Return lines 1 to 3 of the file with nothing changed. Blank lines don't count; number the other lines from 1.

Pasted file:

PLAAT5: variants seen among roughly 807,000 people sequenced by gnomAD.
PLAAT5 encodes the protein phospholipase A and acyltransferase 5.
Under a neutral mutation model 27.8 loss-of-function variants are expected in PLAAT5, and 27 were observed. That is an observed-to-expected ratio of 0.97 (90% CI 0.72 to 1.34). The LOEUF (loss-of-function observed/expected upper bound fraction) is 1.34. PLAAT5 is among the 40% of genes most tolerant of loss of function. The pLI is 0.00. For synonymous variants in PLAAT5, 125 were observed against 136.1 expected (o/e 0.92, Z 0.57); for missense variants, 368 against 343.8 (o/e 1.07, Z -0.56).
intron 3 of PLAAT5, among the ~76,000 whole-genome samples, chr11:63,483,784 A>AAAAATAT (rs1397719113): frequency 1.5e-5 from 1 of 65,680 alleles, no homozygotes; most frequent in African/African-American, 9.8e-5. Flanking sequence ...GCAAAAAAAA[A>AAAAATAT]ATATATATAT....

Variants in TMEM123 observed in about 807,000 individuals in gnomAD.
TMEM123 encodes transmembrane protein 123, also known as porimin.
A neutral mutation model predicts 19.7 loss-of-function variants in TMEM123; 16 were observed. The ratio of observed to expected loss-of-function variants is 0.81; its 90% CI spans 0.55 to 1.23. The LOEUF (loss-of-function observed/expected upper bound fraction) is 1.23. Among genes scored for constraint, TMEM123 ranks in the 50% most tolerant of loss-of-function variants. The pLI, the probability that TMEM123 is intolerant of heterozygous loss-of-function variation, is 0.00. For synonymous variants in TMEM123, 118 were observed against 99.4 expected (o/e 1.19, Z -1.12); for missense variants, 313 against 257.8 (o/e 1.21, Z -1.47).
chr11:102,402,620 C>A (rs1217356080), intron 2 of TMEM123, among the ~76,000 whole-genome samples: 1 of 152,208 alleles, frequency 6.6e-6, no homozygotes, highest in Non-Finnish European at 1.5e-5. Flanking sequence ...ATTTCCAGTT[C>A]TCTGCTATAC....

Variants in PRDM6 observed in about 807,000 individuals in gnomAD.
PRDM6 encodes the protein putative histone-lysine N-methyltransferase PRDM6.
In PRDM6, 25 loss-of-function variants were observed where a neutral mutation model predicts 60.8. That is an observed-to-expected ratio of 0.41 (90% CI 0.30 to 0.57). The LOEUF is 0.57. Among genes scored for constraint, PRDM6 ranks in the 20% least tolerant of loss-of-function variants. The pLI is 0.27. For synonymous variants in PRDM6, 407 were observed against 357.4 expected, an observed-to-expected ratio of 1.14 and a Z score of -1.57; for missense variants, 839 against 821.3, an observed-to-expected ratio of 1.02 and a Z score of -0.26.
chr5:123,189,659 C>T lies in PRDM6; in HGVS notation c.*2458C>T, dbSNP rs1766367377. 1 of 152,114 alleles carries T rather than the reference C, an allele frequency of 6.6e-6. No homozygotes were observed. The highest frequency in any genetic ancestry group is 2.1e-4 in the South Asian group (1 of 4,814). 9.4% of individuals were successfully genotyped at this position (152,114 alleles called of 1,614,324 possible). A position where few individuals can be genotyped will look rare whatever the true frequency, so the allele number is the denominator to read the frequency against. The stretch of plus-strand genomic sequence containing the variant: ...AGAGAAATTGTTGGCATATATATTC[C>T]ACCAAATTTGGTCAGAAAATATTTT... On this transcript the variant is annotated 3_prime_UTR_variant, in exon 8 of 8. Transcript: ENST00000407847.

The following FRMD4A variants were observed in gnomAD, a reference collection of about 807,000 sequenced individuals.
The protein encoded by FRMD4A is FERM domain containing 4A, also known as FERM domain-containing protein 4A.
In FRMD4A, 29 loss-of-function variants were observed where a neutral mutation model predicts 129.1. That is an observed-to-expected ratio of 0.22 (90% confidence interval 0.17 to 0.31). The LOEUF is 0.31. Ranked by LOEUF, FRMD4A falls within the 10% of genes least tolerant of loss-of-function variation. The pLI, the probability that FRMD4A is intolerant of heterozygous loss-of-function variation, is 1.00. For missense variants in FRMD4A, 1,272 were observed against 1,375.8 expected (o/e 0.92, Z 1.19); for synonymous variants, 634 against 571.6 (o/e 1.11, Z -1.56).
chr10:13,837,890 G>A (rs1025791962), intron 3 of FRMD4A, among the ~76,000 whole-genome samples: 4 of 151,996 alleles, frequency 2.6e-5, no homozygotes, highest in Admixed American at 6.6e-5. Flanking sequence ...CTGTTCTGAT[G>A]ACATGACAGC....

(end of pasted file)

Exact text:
PLAAT5: variants seen among roughly 807,000 people sequenced by gnomAD.
PLAAT5 encodes the protein phospholipase A and acyltransferase 5.
Under a neutral mutation model 27.8 loss-of-function variants are expected in PLAAT5, and 27 were observed. That is an observed-to-expected ratio of 0.97 (90% CI 0.72 to 1.34). The LOEUF (loss-of-function observed/expected upper bound fraction) is 1.34. PLAAT5 is among the 40% of genes most tolerant of loss of function. The pLI is 0.00. For synonymous variants in PLAAT5, 125 were observed against 136.1 expected (o/e 0.92, Z 0.57); for missense variants, 368 against 343.8 (o/e 1.07, Z -0.56).